What is Diabetes?
- Diabetes results when glucose can no longer be absorbed properly due to irregularities in levels of the hormone insulin that is produced in the pancreas. There are two types of diabetes.
- Type 1 Diabetes: Type 1 diabetes (formerly known as juvenile diabetes) is characterized by the body's inability to produce insulin. Why the body does not produce insulin is currently unknown.
- Type 2 Diabetes: Type 2 diabetes (formerly known as adult onset diabetes) is characterized by a resistance to insulin; 90-95% of people diagnosed with diabetes are diagnosed with type 2. Type 2 diabetes is increasing among young people as the amount of overweight youth increases.
- Diabetes Symptoms
- Symptoms of type 1 diabetes may include frequent urination, unusual thirst, extreme hunger, unusual weight loss, extreme fatigue and irritability.2
- Symptoms of type 2 diabetes may include frequent urination, unusual thirst, extreme hunger, unusual weight loss, extreme fatigue and irritability, frequent infections, blurred vision, slow healing cuts and bruises, tingling/ numbness in the hands and feet, recurring skin, gum, or bladder infections.
Prevalence and Cost of Diabetes
- Diabetes impacts millions of people annually, with 1.6 million new cases of the disease diagnosed each year. While cancer and HIV/AIDS may seem more prevalent due to the resource and attention they receive, diabetes is actually the more common chronic disease in the U.S. with nearly 24 million Americans - 7.8 percent of the population - suffering from the disease.
- On its current course, the number of people with diabetes is projected to nearly double to 44.1 million by 2034 due in large part to the aging of the baby boomer population and increased rates of overweight Americans and obesity.4
- Diabetes is one of the costliest diseases in America, with total direct and indirect costs for diabetes and pre-diabetes estimated at $218 billion in 2007.
Understanding Diabetes Treatment & Management
- Diabetes cannot yet be cured, but it can be managed. With the proper diet, exercise, regular blood sugar testing and treatment therapy, people living with diabetes can lead full and active lives.
- When left untreated or poorly controlled, diabetes can have serious complications, including stroke, kidney disease, high blood pressure, blindness, nerve problems and amputations. If detected early and treated properly, complications can be prevented or delayed.
- Good blood glucose control, or glycemic control has long been established as the cornerstone of successful diabetes treatment, however many patients in the U.S. are not achieving recommended A1C targets, which are a measure of a person's average blood glucose control for the past 2 to 3 months.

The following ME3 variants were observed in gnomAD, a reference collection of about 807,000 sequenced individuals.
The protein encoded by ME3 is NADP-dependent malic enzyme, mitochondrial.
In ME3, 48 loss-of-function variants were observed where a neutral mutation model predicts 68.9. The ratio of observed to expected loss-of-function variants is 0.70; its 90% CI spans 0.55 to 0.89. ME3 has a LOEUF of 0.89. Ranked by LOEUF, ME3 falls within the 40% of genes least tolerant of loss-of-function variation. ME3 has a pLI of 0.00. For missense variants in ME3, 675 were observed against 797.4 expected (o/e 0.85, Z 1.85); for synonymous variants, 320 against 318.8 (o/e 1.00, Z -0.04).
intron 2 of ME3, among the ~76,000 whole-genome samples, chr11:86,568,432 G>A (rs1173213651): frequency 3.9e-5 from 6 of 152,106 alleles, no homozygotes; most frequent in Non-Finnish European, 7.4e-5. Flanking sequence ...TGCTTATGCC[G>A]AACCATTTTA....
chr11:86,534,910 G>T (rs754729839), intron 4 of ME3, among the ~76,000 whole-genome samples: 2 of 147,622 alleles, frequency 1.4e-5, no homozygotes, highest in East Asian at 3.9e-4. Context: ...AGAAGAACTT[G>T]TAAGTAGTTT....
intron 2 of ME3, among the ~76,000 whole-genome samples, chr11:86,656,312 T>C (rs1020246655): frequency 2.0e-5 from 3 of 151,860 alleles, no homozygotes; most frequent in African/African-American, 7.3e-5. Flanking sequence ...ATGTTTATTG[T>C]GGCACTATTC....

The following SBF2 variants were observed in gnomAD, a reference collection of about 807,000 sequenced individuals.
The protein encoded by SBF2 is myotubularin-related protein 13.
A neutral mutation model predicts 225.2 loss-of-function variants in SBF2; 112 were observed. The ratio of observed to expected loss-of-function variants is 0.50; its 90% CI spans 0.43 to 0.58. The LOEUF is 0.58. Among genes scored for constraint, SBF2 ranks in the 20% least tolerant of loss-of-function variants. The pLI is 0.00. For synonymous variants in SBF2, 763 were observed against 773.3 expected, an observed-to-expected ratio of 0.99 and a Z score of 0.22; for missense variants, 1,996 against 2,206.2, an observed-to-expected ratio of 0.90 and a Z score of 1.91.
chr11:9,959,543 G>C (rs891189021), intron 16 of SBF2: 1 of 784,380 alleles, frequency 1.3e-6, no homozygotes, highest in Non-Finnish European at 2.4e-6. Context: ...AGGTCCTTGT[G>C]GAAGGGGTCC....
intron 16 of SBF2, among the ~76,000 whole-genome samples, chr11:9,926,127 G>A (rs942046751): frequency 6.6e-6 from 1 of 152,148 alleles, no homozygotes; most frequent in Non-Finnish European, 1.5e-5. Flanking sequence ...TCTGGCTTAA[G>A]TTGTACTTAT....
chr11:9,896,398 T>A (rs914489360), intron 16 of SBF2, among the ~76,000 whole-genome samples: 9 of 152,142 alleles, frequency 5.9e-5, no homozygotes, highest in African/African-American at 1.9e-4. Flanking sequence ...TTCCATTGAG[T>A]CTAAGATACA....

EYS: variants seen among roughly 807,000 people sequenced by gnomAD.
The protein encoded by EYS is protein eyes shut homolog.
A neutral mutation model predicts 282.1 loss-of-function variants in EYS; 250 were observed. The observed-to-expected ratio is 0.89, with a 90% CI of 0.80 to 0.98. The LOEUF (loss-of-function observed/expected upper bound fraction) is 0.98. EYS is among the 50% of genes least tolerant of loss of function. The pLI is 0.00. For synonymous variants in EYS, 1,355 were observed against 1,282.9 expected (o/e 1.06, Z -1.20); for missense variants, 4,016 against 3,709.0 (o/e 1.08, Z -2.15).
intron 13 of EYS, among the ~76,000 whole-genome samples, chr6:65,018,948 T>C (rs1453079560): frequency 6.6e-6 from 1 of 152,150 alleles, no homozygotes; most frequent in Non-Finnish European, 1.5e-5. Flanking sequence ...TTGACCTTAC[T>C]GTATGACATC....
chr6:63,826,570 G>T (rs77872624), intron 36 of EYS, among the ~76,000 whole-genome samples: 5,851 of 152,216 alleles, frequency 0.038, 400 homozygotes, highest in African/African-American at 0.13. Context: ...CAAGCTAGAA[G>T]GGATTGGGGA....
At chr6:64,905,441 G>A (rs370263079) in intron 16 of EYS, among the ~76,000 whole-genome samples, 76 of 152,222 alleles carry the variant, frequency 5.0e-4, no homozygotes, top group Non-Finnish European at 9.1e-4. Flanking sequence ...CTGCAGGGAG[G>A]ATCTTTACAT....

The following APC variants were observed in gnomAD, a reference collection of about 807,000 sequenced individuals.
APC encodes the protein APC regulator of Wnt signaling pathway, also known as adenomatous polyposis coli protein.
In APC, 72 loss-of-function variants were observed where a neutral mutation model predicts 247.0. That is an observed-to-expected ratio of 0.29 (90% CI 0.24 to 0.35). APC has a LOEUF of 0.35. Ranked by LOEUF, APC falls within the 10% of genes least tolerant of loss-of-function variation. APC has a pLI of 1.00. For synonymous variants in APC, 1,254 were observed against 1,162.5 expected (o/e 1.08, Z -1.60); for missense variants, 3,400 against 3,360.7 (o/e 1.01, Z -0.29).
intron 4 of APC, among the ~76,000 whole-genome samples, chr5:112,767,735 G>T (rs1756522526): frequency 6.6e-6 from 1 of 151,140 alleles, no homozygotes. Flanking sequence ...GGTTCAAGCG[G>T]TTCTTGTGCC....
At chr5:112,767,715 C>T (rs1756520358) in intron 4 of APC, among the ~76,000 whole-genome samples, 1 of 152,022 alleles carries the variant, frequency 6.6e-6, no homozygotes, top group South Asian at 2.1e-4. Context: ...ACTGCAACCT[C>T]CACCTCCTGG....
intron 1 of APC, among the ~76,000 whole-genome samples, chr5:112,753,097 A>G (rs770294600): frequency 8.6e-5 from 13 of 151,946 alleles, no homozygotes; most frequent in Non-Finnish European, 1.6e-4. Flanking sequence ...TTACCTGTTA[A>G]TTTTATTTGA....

- Adequate patient self-management has been identified as a critical component for successful short- and long-term treatment of diabetes and its complications.
- For people living with diabetes, healthy eating, physical activity, blood glucose and one or more diabetes medicines including, insulin, pills and other injectable medicine to control blood glucose levels, are the basic management tools for diabetes.
- Insulin therapy, discovered nearly 90 years ago remains one of the most significant discoveries in the field of medicine and continues to be a mainstay of diabetes treatment as a way to reduce the risk of developing serious complications.7
- Despite the effectiveness of insulin treatment, several factors have been suspected to impact insulin usage, including needle anxiety, fear of injection pain and inconvenience coupled with psychological barriers to insulin initiation (e.g. social embarrassment).
- Insulin plays an important role in managing diabetes. To get the full benefits of insulin therapy, people with diabetes need to take it exactly as directed by their physicians. For many patients, it will be important to choose an insulin delivery method that works for their lifestyle, whether it be a vial and syringe or an easy-to-use insulin delivery device.
- Insulin delivery devices are an integral part of diabetes treatment and the successful outcome of treatment today; however, the adoption rates among physicians and patients in the U.S. are still relatively low.
- Today in the U.S only 17% of insulin units are delivered through insulin pens (durable, refillable or prefilled disposable insulin pens) compared to 95% and 88% in Japan and Europe, respectively, according to a September 2009 study.8
- Today there are approximately 10 insulin delivery pens available on the market providing options to diabetes patients to help them actively manage their own health.
Diabetes Impact: Multicultural & Generational Reach
- Diabetes prevalence increases with age:
- 23.5 million or 10.7% of all people 20 years of age or older have diabetes
- 12.2 million or to 23.1% of people age 60 or older have diabetes2
- Diabetes disproportionately affects minority communities in the U.S. including, African Americans, Hispanics, Asians and Pacific Islanders, American Indians, and Alaskan Natives. The increasingly diverse population of people living with diabetes has created new variables for healthcare professionals to consider when treating patients to ensure they address the beliefs, attitudes and practices of each unique culture or background.
- One in seven (14.7%) non-Hispanic blacks aged 20 years or older has diabetes though only one in nine has been diagnosed with the disease. This population is 1.8 times as likely to have diabetes as non-Hispanic whites aged 20 years or older, 6.6% of who have diagnosed diabetes.
- One in ten (10.4%) Hispanic/Latino Americans aged 20 years or older has diagnosed diabetes. Among Mexican Americans one in nine (11.8%) aged 20 years or older are diagnosed.
- One in six (16.5 %) Native Americans and Alaskan natives aged 20 years or older has diagnosed diabetes.
- One in 13 (7.5%) Asian Americans aged 20 or older has been diagnosed with diabetes.